• Pros: Cost – it’s dirt cheap to get stared on. The sandpaper grits can be found at a home center or auto parts store. The paper cuts aggressively, even at higher grits.
  • Cons: Cost – you will be buying packages of sandpaper forever to keep sharpening, and the durability of the sandpaper is limited. You could dub your edges if not careful, meaning that you won’t have sharp edges.

Diamond Stones: Diamonds are a girl’s – and a woodworker’s – best friend. As the hardest substance known to science, industrial grade monocrystalline  (on premium stones) or polycrystalline diamonds (on cheaper stones) can abrade away metal very quickly.  The tiny diamonds are embedded on a flat metal plate with a nickle-based metallic binder, and many have ‘holes’ in the metal plate to allow the swarf a place to go.  Diamond stones are used with a squirt of water to allow for lubrication and swarf removal. These are some of the most expensive stones out there.

  • Pros: Diamond stones cut quickly.  They need no care other than an cleaning and drying after use. They come in a variety of grits to accomplish a number of tasks.  They are the only medium can can be used on carbide.
  • Cons: Price.  Conventional wisdom holds that the swarf generated by sharpening steel on a diamond stone will break the bond with the substrate. Cost.

Ceramic stones: The new kid on the block, ceramic stones are always manufactured.  Basically, a ceramic mixture is carefully mixed with sharp cutting agent embedded within before it is fired.  These stones can be used dry on blades, but they do need to be cleaned with a household abrasive cleaner.  These stones can be quite pricey, but their quality is quite high and they can become lifetime stones for your tools.  They are typically found only in finer grits, so if you do want to work an edge over, it could take some time to remove enough material.

  • Pros: Insanely flat. Can be worked without water or oil. Very hard, durable surface that can’t dish.
  • Cons: Cost.  Can become glazed and needs maintenance to keep cutting medium clear.

What does this mean for the average woodworker?  Well, each of these methods does provide outstanding results and can sharpen just about every tool in the woodworker’s arsenal. If you are using a method that gives you outstanding results, I say stick with it. In fact, if you are using several methods – say a diamond stone for coarser work and an oil stone for finer honing… there’s nothing wrong with that either.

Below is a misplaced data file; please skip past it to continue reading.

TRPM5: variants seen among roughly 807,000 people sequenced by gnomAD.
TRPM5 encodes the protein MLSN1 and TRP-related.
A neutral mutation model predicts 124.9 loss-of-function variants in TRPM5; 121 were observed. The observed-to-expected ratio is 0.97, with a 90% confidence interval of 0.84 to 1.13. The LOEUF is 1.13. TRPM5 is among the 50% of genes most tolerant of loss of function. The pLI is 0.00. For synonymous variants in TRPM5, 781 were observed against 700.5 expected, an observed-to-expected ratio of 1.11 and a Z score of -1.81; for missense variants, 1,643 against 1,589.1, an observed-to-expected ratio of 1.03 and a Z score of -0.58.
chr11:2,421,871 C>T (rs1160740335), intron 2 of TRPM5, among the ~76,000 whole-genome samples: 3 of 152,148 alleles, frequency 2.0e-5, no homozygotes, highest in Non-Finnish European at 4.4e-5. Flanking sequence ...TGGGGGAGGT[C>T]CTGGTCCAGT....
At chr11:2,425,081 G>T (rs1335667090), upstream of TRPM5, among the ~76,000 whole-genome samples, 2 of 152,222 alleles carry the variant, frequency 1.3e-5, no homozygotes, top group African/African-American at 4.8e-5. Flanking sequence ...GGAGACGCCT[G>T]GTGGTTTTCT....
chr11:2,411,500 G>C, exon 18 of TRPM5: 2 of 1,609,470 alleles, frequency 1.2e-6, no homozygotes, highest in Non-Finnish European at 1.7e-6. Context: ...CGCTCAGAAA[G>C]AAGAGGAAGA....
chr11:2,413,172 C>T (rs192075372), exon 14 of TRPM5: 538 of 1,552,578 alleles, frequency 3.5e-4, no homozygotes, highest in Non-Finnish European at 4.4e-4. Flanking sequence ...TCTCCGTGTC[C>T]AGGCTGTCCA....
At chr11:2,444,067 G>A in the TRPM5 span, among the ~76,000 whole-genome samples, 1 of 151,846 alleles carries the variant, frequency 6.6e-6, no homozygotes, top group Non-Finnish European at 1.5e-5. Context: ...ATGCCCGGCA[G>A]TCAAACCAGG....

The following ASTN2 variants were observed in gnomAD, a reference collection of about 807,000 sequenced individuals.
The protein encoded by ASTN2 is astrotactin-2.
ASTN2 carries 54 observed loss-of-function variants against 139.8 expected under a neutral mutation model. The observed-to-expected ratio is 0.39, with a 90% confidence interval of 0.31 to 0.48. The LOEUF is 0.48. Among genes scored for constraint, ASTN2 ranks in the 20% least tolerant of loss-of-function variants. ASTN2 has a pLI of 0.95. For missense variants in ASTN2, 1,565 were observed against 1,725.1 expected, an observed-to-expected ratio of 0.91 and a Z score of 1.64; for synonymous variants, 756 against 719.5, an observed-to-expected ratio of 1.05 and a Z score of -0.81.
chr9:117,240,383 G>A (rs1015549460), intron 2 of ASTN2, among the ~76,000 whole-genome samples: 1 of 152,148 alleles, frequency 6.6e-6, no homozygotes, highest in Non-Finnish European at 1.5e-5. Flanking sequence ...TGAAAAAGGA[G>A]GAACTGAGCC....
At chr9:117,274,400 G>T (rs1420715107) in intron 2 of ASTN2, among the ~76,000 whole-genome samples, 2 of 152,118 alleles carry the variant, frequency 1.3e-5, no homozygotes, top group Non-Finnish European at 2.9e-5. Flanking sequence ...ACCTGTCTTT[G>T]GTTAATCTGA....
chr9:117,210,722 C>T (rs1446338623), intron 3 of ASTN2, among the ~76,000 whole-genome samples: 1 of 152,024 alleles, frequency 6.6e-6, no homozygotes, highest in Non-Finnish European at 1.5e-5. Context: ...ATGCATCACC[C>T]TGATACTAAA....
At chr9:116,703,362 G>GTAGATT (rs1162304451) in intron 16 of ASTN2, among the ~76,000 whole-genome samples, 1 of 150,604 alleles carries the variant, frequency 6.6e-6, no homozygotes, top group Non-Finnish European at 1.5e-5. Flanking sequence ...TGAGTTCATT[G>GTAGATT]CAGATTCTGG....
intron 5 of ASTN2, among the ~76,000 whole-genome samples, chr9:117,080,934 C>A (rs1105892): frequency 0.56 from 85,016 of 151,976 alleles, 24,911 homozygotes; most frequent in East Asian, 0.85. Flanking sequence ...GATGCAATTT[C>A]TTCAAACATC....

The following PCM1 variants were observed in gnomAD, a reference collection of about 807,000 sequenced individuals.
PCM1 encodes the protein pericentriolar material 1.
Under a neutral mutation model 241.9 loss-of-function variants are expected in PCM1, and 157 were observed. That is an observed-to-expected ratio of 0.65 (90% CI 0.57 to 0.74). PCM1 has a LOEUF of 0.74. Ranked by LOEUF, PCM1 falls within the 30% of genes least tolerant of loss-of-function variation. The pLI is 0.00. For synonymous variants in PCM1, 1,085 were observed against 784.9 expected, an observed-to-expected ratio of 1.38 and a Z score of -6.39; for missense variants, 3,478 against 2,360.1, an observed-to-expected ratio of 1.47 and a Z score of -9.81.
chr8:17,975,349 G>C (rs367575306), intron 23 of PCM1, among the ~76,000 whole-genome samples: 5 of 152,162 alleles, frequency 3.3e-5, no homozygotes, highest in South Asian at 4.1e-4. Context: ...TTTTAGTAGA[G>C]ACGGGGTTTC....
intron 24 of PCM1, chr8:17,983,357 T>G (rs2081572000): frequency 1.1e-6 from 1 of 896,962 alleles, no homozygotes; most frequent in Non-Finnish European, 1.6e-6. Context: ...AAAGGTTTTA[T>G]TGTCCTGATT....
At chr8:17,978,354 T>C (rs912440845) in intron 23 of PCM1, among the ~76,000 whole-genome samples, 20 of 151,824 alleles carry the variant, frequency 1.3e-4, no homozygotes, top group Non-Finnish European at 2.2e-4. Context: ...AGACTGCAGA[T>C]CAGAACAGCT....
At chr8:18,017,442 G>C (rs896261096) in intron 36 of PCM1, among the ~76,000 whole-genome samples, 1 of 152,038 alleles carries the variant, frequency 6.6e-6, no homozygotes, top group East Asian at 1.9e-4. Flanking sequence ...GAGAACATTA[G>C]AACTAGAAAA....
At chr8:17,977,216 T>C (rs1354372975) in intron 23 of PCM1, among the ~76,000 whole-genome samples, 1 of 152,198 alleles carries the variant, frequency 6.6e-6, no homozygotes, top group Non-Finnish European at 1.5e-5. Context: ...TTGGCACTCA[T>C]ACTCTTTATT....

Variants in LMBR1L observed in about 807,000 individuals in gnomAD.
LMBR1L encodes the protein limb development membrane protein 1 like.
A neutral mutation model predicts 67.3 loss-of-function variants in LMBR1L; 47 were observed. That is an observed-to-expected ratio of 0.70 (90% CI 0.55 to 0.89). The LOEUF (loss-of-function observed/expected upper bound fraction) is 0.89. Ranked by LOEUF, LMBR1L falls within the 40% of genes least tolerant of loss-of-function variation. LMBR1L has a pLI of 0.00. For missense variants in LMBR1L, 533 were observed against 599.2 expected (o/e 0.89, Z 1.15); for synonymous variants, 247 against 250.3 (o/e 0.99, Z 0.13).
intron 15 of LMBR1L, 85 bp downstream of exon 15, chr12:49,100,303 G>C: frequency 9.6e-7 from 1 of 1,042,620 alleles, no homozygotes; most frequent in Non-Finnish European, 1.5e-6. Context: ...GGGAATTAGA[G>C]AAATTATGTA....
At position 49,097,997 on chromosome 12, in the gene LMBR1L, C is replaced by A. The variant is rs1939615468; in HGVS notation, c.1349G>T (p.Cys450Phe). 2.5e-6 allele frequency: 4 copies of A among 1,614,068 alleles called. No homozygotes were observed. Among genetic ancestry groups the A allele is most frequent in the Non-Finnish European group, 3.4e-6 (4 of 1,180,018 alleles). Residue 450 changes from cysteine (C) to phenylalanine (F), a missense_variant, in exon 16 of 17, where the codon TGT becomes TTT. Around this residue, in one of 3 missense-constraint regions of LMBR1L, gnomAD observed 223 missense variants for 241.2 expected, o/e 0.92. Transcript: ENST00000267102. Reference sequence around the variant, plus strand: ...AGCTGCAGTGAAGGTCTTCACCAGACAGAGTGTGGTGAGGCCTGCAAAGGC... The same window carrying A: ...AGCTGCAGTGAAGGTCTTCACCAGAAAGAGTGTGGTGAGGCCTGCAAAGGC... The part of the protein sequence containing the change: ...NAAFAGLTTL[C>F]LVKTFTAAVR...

However, I’m sure several readers will weigh in with their preferred method of sharpening. They will tell me that I am way off base and that their method is the only one that works – the others are just trash.

That’s what you get for talking politics, religion or honing!

3 thoughts on “A Honing Beacon”

  1. Tom,
    While I agree to stay away from Religion & Politics, I’m going to wade waist deep into honing.

    I used to use a water stone for honing, with good results. I just hated the process.

    At Woodworking in America I spent 45 minutes in the Lee Valley booth using their Veritas Mk.II Powered Sharpening System. I’ve since bought and received it. I tried it for the first time over the weekend and it took the new (not flat or sharp) blade in my Stanley #90 Rabbet Plane from junk to sharp in about 3 or 4 minutes. As they told me, the 9 nanometer (I think that’s the unit) grit paper is good enough to produce a perfect edge. For additional honing, I did pick up an extra platter and honing compound, I just haven’t had a chance to add suede to it yet.

    So while the Mk.II is not cheap (almost $400.00) neither are a set of quality stones. In use the Mk.II is very easy to use and even more importantly, it is quick and clean. I’m happy I bought it.

  2. Tom
    I find woodworkers tend to worry too much about the type of stones they use – it is much more important to establish a sharpening regime which allows you to achieve repeatable results in a reasonably quick time. After all, sharpening isn’t “fun”, its just something we need to do! Understanding what you are trying to achieve when you sharpen an edge tool is important – woodworkers tend to obsess over numbers and angles.
    So learn to get your tools sharp with whatever stones you have – and go make some shavings!
    Hope this helps,